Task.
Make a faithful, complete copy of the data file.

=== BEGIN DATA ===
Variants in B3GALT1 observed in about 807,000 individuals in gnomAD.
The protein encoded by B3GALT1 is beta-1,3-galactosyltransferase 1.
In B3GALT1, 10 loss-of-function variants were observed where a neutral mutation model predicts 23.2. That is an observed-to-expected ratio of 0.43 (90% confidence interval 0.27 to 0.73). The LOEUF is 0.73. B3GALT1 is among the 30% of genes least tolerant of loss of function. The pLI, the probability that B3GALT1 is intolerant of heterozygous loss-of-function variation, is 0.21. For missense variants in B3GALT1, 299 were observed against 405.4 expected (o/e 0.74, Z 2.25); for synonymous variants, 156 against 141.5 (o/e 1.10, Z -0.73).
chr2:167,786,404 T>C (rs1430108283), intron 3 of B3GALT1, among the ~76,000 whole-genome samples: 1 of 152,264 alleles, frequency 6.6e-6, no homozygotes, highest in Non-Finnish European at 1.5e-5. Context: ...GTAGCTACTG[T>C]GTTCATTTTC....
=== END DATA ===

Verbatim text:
Variants in B3GALT1 observed in about 807,000 individuals in gnomAD.
The protein encoded by B3GALT1 is beta-1,3-galactosyltransferase 1.
In B3GALT1, 10 loss-of-function variants were observed where a neutral mutation model predicts 23.2. That is an observed-to-expected ratio of 0.43 (90% confidence interval 0.27 to 0.73). The LOEUF is 0.73. B3GALT1 is among the 30% of genes least tolerant of loss of function. The pLI, the probability that B3GALT1 is intolerant of heterozygous loss-of-function variation, is 0.21. For missense variants in B3GALT1, 299 were observed against 405.4 expected (o/e 0.74, Z 2.25); for synonymous variants, 156 against 141.5 (o/e 1.10, Z -0.73).
chr2:167,786,404 T>C (rs1430108283), intron 3 of B3GALT1, among the ~76,000 whole-genome samples: 1 of 152,264 alleles, frequency 6.6e-6, no homozygotes, highest in Non-Finnish European at 1.5e-5. Context: ...GTAGCTACTG[T>C]GTTCATTTTC....